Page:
Here's some Chicago Tribune breaking news for you, just lost and loitering on ice in the frosty hinterlands of our far-flung Tribune world.
Chances are, you don't care about it. But I'm cleaning out my closet and thought I would throw a few musty things away and twist it toward the Blackhawks so I have a moral to my story.
Sammy Sosa lies. I know, I know, I hate to be so shocking, taking my detour away from all things skates and any GPS update on the Stanley Cup--which should be on the 9th hole with Dale Tallon--for a big-picture snapshot this summer day of how pro sports works.
And I say that still liking the guy. I'm no Sosa basher. He IS misunderstood. By that I mean, he doesn't even understand himself. How can the people who hate him ever hope to understand him if that's the case?
But I know he lies, because he lied to me. At least once. Quite significantly in light of what happened to him. Maybe a lot more, because you don't need snooping federal investigators to trace a pattern of his lies.
Sosa also lied (just a little white lie) in March, 2007, long after a real big red-lettered lie pushed the Cubs over the edge years before and convinced them to throw Sosa off Mt. Olympus, converting him from a god to a ghoul that played fast and loose with the facts.
"They are all my friends," Sosa said about being outwardly welcomed by some Cubs officials when he revisited his old spring training home in Mesa, Az., as a Texas Rangers' player. "I don't have no enemies over there. I was nice with everybody."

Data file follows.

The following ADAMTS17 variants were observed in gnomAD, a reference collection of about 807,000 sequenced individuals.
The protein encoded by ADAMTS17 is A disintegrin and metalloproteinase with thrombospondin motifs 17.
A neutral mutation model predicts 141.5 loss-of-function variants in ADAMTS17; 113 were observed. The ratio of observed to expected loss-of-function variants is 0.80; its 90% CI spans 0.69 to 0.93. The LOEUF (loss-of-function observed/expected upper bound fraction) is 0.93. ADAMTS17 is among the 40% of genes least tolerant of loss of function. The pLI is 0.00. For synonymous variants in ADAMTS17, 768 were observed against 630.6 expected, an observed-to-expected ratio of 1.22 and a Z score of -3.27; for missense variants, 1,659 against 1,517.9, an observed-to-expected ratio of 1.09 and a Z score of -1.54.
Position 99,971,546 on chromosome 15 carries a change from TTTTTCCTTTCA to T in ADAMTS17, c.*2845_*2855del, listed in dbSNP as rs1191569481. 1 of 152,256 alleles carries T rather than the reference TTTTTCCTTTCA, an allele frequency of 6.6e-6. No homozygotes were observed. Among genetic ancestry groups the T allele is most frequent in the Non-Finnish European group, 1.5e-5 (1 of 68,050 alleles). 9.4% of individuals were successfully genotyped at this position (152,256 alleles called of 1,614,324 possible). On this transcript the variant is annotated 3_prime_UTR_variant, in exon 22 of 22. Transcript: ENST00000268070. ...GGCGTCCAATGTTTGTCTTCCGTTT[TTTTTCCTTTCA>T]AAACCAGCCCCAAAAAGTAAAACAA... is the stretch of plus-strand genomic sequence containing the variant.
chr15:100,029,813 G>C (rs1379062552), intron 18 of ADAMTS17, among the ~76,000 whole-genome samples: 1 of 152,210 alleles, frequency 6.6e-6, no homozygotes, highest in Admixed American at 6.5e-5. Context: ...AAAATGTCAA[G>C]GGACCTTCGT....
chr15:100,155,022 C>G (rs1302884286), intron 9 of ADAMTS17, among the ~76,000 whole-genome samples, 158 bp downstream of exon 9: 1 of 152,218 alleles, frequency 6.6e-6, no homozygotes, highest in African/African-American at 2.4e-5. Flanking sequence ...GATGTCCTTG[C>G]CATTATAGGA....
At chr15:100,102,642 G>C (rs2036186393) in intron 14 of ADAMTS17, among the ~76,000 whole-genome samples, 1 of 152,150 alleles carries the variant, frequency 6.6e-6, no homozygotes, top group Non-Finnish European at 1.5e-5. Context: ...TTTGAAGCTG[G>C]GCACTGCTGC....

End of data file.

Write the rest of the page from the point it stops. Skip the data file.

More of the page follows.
Sosa summarized in a nutshell what all his enemies past and present disliked most about him. He didn't believe a word of what he said there and those Cubs officials knew it, too. He regularly hid behind a false facade, retreated to protect himself from scorn and name-calling because he felt enemies were all around him and he had to be vigilant in rebuffing their hurtful jabs and criticisms.
And he wasn't wrong, either. He had enemies aplenty in the Cubs locker room. Being the smart cookie he is, Sammy spent many hours building his defenses and finding a way to make those enemies grudgingly respect him, even if it meant resorting to an illegal means of body-building that he suspected others of using effectively and a lie that even major-league baseball commissioner Bud Selig silently sanctioned the way Sosa obviously viewed it.
Remember, Selig was going out of his way to fly to Sosa's annual birthday bash in the Dominican Republic at a time when many baseball officials now are admitting a strong suspicion existed throughout baseball that steroid use was prevalent, just not publically acknowledged as a lie that needed exposing and examination.
Ask Selig about that and his reply wouldn't be much different from what Sosa's was in the current Chicago Magazine profile when confronted about his failures to pass a steroids test in his playing days.
I don't want to talk about that, Sammy said. Well, no shit. There's the problem in another nutshell. They never had to talk about it. For years, Sammy and Bud didn't have to speak about it openly, either. Assuming and prevaricating was good enough for both. Direct questions were considered unfounded attacks without proof.
What was Sosa to infer from Selig bowing at the altar with all the rest, as well as Cubs president Andy MacPhail? Yep. He inferred everyone was in on the charade and it was business as usual. MacPhail quietly believed Sosa was lying all along about his age, but a certain amount of artful lying is permitted in pro sports.